There are many reasons to delight in Joanna Dreby’s writing. My favorite these days is her commitment to some kind of relational writing. In “How Today’s Immigration Enforcement Policies Impact Children, Families, and Communities: A View from the Ground,” Dreby uses a common social experience (i.e., that couples get divorced) to illustrate a more foreign situation (i.e., that undocumented immigrants get deported). In anticipating her readers’ lack of connection to immigrant families and their simultaneous sympathy for divorced families, Dreby successfully brings everyone on board:
The separation of fathers from their children is not all that uncommon. But research shows that when fathers voluntarily migrate, they maintain contact with their children via regular phone calls, gift giving, and remittances. Children still feel resentful toward their fathers for leaving, but their fathers remain a part of their lives, much the same as a divorced father who shares custody and visits with his children regularly.
Dreby uses our knowledge about divorced families to illustrate the lives of families that get split across borders. Then, as though she also anticipates the risk of normalizing immigrant families’ experiences, she also clarifies:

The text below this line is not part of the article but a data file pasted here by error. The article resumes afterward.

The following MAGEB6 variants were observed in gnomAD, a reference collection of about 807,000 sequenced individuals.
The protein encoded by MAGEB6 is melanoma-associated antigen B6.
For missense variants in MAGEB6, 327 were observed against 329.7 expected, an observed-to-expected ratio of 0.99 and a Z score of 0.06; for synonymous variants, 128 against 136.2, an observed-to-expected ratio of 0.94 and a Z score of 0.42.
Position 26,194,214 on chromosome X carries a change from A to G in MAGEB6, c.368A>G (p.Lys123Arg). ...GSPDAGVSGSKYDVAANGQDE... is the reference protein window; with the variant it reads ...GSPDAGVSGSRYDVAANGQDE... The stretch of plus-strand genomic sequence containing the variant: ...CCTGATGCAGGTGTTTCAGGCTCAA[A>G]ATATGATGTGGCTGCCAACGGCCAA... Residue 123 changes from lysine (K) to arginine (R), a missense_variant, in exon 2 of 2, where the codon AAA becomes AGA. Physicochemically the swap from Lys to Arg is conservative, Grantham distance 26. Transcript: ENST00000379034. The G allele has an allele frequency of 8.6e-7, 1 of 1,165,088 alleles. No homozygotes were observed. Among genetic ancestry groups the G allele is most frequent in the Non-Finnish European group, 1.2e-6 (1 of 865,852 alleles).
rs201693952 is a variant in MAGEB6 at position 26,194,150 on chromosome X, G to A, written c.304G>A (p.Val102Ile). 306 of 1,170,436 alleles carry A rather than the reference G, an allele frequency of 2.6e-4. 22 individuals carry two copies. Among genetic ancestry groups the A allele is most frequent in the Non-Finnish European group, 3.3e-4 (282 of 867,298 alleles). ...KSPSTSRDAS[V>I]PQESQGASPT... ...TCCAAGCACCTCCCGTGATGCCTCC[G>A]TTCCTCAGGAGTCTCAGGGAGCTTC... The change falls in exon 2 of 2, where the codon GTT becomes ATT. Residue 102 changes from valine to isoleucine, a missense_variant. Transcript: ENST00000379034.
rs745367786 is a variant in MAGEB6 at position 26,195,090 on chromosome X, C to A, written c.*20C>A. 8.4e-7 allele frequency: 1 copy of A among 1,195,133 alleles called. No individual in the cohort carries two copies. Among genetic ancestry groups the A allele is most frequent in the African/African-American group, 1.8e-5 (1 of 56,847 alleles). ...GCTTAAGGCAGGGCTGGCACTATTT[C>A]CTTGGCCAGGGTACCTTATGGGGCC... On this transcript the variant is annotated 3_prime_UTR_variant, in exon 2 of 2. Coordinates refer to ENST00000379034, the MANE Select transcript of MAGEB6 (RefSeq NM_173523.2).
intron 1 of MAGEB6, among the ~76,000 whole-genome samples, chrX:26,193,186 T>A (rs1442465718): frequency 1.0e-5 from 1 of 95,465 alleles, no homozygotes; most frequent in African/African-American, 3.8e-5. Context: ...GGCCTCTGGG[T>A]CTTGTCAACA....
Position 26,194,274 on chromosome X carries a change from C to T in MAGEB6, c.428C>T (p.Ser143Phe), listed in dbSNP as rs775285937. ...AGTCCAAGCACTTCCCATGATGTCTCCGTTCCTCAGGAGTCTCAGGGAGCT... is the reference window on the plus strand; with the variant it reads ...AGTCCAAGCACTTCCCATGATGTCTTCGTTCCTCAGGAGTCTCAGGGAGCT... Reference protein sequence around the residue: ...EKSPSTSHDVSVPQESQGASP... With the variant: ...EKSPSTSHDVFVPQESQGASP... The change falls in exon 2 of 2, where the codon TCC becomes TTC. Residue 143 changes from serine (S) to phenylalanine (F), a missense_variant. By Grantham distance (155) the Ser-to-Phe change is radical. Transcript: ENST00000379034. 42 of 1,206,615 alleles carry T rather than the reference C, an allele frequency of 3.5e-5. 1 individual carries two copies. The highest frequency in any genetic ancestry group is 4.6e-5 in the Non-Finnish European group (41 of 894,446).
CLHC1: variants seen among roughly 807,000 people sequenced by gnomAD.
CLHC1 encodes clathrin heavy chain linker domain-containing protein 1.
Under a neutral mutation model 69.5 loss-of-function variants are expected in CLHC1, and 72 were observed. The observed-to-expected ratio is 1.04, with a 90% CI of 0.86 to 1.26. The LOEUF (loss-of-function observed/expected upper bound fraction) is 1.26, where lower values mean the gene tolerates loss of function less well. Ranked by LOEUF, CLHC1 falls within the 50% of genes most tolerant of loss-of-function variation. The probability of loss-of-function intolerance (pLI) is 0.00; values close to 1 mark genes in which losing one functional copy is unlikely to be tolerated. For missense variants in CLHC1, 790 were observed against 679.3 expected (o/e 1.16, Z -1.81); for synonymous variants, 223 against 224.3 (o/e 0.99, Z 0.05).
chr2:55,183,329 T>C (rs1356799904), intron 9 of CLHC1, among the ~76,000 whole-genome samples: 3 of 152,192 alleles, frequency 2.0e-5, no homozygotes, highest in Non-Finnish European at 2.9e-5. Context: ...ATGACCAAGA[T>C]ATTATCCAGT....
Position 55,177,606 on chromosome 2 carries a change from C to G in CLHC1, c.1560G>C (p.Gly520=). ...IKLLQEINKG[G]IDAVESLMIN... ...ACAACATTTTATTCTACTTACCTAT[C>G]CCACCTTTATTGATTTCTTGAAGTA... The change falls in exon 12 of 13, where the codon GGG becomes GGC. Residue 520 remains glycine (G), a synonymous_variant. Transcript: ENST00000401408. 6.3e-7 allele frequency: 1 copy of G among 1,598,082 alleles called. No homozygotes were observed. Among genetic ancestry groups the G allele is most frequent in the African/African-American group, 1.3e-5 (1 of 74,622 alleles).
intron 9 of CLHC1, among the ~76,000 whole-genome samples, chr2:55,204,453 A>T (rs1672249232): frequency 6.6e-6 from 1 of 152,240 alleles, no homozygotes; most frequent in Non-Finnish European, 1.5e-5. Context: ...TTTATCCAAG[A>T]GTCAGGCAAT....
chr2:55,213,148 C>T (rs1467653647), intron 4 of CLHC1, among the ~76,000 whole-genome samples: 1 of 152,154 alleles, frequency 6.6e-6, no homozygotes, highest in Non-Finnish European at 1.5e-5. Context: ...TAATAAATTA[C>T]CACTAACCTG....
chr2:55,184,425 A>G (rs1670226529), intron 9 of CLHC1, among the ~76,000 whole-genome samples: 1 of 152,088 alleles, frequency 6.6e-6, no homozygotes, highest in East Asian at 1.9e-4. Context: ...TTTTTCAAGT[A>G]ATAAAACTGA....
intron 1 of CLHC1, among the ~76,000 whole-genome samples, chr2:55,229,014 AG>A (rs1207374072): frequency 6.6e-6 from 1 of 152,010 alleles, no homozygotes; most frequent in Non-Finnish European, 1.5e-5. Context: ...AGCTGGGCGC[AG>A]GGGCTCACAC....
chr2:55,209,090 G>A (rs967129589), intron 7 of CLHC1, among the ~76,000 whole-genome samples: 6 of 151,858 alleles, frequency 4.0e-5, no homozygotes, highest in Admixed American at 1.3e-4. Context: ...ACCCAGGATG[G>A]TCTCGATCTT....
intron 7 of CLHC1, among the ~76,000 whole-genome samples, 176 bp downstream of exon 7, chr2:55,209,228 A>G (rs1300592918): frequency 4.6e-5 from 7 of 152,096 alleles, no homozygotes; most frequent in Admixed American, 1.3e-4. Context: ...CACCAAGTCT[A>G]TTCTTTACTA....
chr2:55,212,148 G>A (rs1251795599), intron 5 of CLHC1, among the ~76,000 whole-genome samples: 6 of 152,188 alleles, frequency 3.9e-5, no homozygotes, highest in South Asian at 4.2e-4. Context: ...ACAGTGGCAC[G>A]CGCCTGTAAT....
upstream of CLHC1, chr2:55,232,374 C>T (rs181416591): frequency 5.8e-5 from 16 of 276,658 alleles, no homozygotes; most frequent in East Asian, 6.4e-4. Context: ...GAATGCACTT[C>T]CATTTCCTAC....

Deportation, in contrast, severs paternal bonds with children…While many American families face single parenthood, in this case it is the actions of the federal government that make the families so. Likewise, the precarious legal status of many of the parents left behind leaves a double burden on these families.
I wish more writers thought about their audiences like she does. Joanna Dreby is a sociology professor at the University of Albany. Her report on the impact of immigration policies on families was published by the Center for American Progress in 2012. She also holds a Ph.D. from the Graduate Center, CUNY, where this journal was born.